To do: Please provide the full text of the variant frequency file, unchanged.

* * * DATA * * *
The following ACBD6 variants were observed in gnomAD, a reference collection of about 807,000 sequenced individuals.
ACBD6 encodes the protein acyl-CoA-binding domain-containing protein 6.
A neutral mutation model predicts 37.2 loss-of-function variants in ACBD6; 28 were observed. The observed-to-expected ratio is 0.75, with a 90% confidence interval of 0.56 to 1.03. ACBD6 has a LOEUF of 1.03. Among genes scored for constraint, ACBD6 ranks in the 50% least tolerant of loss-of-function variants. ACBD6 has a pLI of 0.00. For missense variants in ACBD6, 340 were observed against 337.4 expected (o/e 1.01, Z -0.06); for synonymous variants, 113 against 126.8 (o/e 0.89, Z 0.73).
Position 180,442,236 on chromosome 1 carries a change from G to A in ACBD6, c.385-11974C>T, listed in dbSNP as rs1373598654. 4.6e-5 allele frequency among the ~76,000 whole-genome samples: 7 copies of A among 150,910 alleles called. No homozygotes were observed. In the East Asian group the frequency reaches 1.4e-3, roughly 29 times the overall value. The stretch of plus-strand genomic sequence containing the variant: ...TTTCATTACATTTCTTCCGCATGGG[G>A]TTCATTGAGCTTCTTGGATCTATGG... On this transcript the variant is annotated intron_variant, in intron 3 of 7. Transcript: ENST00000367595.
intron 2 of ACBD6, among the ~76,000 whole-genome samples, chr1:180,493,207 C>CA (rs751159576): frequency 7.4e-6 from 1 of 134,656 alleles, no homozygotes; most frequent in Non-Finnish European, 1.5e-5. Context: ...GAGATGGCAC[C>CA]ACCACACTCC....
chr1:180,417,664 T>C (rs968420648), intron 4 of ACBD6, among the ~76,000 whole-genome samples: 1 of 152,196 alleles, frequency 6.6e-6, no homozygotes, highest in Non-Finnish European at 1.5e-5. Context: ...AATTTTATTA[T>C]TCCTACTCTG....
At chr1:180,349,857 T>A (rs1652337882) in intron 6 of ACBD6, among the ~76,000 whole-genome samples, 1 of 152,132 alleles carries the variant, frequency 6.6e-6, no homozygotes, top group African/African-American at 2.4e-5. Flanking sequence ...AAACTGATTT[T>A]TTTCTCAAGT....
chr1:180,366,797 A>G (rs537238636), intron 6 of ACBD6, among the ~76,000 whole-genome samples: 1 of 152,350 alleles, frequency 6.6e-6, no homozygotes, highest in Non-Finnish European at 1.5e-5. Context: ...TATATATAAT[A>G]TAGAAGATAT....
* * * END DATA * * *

The following ACBD6 variants were observed in gnomAD, a reference collection of about 807,000 sequenced individuals.
ACBD6 encodes the protein acyl-CoA-binding domain-containing protein 6.
A neutral mutation model predicts 37.2 loss-of-function variants in ACBD6; 28 were observed. The observed-to-expected ratio is 0.75, with a 90% confidence interval of 0.56 to 1.03. ACBD6 has a LOEUF of 1.03. Among genes scored for constraint, ACBD6 ranks in the 50% least tolerant of loss-of-function variants. ACBD6 has a pLI of 0.00. For missense variants in ACBD6, 340 were observed against 337.4 expected (o/e 1.01, Z -0.06); for synonymous variants, 113 against 126.8 (o/e 0.89, Z 0.73).
Position 180,442,236 on chromosome 1 carries a change from G to A in ACBD6, c.385-11974C>T, listed in dbSNP as rs1373598654. 4.6e-5 allele frequency among the ~76,000 whole-genome samples: 7 copies of A among 150,910 alleles called. No homozygotes were observed. In the East Asian group the frequency reaches 1.4e-3, roughly 29 times the overall value. The stretch of plus-strand genomic sequence containing the variant: ...TTTCATTACATTTCTTCCGCATGGG[G>A]TTCATTGAGCTTCTTGGATCTATGG... On this transcript the variant is annotated intron_variant, in intron 3 of 7. Transcript: ENST00000367595.
intron 2 of ACBD6, among the ~76,000 whole-genome samples, chr1:180,493,207 C>CA (rs751159576): frequency 7.4e-6 from 1 of 134,656 alleles, no homozygotes; most frequent in Non-Finnish European, 1.5e-5. Context: ...GAGATGGCAC[C>CA]ACCACACTCC....
chr1:180,417,664 T>C (rs968420648), intron 4 of ACBD6, among the ~76,000 whole-genome samples: 1 of 152,196 alleles, frequency 6.6e-6, no homozygotes, highest in Non-Finnish European at 1.5e-5. Context: ...AATTTTATTA[T>C]TCCTACTCTG....
At chr1:180,349,857 T>A (rs1652337882) in intron 6 of ACBD6, among the ~76,000 whole-genome samples, 1 of 152,132 alleles carries the variant, frequency 6.6e-6, no homozygotes, top group African/African-American at 2.4e-5. Flanking sequence ...AAACTGATTT[T>A]TTTCTCAAGT....
chr1:180,366,797 A>G (rs537238636), intron 6 of ACBD6, among the ~76,000 whole-genome samples: 1 of 152,350 alleles, frequency 6.6e-6, no homozygotes, highest in Non-Finnish European at 1.5e-5. Context: ...TATATATAAT[A>G]TAGAAGATAT....